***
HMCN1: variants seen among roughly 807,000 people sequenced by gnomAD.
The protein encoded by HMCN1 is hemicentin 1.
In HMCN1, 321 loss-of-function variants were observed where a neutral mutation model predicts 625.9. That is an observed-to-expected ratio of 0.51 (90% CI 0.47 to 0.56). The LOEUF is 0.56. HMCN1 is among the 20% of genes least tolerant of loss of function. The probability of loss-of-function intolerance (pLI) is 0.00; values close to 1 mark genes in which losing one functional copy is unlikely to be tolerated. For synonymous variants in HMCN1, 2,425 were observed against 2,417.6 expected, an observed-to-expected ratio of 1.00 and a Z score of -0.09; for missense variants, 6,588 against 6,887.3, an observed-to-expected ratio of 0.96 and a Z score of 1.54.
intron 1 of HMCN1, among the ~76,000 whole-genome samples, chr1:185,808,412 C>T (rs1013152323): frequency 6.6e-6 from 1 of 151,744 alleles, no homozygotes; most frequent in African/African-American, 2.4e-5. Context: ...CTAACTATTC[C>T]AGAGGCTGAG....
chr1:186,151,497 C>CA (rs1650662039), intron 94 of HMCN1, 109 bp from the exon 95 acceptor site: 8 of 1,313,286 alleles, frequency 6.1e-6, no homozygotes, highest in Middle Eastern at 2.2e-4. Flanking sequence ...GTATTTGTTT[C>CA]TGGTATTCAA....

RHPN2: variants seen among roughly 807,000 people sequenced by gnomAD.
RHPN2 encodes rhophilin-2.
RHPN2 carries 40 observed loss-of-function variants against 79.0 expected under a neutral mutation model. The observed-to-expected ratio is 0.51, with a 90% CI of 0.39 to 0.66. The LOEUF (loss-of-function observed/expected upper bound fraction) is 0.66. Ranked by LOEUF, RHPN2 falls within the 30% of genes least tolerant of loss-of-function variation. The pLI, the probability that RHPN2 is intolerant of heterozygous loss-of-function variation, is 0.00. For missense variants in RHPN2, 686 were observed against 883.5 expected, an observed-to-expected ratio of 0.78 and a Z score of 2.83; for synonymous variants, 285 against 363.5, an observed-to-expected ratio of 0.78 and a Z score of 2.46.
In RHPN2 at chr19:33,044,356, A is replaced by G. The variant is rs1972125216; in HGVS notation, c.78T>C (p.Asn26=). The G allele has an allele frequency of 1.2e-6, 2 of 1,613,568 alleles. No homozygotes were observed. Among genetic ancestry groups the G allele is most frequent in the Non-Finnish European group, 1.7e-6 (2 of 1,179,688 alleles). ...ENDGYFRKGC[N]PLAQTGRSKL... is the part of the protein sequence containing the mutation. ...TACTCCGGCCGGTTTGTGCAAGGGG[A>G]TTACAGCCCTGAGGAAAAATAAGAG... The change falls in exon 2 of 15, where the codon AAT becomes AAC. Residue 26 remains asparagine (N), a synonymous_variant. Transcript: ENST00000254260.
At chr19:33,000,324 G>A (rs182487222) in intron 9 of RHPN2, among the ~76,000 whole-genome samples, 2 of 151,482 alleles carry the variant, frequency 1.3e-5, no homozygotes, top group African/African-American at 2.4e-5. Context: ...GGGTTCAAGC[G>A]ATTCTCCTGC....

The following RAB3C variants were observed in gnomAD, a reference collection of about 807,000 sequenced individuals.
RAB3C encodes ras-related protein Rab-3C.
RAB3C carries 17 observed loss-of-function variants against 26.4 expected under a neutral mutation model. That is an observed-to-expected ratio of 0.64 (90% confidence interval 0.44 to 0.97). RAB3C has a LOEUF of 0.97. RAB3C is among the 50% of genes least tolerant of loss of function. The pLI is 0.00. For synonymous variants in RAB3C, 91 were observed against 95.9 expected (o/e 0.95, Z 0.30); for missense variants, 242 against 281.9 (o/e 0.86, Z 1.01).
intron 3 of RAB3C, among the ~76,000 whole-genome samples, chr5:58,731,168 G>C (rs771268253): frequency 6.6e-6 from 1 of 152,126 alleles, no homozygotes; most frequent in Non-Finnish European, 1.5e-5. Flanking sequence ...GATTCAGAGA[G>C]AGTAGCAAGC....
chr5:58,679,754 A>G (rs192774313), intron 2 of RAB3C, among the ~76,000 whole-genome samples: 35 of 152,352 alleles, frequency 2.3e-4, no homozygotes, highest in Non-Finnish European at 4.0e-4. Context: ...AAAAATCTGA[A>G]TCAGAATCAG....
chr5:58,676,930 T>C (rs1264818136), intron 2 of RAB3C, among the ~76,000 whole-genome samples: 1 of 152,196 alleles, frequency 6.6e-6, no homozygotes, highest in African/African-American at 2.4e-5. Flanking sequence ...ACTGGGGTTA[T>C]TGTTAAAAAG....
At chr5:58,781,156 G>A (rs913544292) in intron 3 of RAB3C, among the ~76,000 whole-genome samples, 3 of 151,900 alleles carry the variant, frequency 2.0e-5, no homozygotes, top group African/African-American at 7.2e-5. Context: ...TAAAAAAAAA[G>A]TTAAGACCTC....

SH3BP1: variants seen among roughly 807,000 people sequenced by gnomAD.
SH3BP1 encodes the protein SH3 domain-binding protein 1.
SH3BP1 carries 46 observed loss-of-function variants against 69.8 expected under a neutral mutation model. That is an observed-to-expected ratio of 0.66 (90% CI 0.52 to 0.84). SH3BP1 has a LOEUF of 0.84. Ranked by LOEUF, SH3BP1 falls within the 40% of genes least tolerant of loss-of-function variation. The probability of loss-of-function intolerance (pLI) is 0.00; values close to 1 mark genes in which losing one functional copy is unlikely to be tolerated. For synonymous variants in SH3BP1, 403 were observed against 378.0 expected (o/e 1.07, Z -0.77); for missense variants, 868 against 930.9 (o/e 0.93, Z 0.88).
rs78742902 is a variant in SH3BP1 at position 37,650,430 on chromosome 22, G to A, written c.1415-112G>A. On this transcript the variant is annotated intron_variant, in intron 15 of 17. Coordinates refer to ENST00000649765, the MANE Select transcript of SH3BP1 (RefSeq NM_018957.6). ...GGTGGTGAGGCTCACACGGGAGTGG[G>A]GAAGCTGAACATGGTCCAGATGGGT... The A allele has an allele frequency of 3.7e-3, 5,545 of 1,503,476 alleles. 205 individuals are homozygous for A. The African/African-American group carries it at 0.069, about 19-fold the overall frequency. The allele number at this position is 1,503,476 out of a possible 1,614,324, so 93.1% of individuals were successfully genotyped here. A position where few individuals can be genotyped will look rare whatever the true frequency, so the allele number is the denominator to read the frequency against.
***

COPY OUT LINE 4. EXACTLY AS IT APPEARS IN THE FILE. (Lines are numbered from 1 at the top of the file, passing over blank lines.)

intron 1 of HMCN1, among the ~76,000 whole-genome samples, chr1:185,808,412 C>T (rs1013152323): frequency 6.6e-6 from 1 of 151,744 alleles, no homozygotes; most frequent in African/African-American, 2.4e-5. Context: ...CTAACTATTC[C>T]AGAGGCTGAG....